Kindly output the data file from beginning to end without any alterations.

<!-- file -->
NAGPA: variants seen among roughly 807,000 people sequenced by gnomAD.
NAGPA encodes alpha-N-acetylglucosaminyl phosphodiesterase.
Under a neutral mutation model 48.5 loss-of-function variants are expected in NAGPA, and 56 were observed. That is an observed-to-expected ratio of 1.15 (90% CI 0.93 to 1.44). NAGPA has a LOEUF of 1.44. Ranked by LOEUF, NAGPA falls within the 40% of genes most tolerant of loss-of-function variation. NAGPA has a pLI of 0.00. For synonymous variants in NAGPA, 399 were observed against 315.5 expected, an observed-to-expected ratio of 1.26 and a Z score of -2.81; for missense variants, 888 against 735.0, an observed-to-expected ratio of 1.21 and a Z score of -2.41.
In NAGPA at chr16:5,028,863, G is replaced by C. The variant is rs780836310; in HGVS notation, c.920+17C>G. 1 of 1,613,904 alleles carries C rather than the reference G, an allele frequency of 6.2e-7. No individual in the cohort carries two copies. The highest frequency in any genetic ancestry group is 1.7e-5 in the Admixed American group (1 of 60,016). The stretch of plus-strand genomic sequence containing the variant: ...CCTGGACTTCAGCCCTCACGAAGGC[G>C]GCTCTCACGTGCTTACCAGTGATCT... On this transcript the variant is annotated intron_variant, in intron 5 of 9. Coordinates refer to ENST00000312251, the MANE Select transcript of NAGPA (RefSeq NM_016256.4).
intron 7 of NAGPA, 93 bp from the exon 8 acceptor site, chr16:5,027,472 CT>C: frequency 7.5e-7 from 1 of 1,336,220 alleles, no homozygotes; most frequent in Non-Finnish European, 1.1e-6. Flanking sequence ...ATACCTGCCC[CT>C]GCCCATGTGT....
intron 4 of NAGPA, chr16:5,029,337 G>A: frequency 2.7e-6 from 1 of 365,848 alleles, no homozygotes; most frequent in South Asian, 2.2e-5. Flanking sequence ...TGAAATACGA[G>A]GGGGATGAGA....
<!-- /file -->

NAGPA: variants seen among roughly 807,000 people sequenced by gnomAD.
NAGPA encodes alpha-N-acetylglucosaminyl phosphodiesterase.
Under a neutral mutation model 48.5 loss-of-function variants are expected in NAGPA, and 56 were observed. That is an observed-to-expected ratio of 1.15 (90% CI 0.93 to 1.44). NAGPA has a LOEUF of 1.44. Ranked by LOEUF, NAGPA falls within the 40% of genes most tolerant of loss-of-function variation. NAGPA has a pLI of 0.00. For synonymous variants in NAGPA, 399 were observed against 315.5 expected, an observed-to-expected ratio of 1.26 and a Z score of -2.81; for missense variants, 888 against 735.0, an observed-to-expected ratio of 1.21 and a Z score of -2.41.
In NAGPA at chr16:5,028,863, G is replaced by C. The variant is rs780836310; in HGVS notation, c.920+17C>G. 1 of 1,613,904 alleles carries C rather than the reference G, an allele frequency of 6.2e-7. No individual in the cohort carries two copies. The highest frequency in any genetic ancestry group is 1.7e-5 in the Admixed American group (1 of 60,016). The stretch of plus-strand genomic sequence containing the variant: ...CCTGGACTTCAGCCCTCACGAAGGC[G>C]GCTCTCACGTGCTTACCAGTGATCT... On this transcript the variant is annotated intron_variant, in intron 5 of 9. Coordinates refer to ENST00000312251, the MANE Select transcript of NAGPA (RefSeq NM_016256.4).
intron 7 of NAGPA, 93 bp from the exon 8 acceptor site, chr16:5,027,472 CT>C: frequency 7.5e-7 from 1 of 1,336,220 alleles, no homozygotes; most frequent in Non-Finnish European, 1.1e-6. Flanking sequence ...ATACCTGCCC[CT>C]GCCCATGTGT....
intron 4 of NAGPA, chr16:5,029,337 G>A: frequency 2.7e-6 from 1 of 365,848 alleles, no homozygotes; most frequent in South Asian, 2.2e-5. Flanking sequence ...TGAAATACGA[G>A]GGGGATGAGA....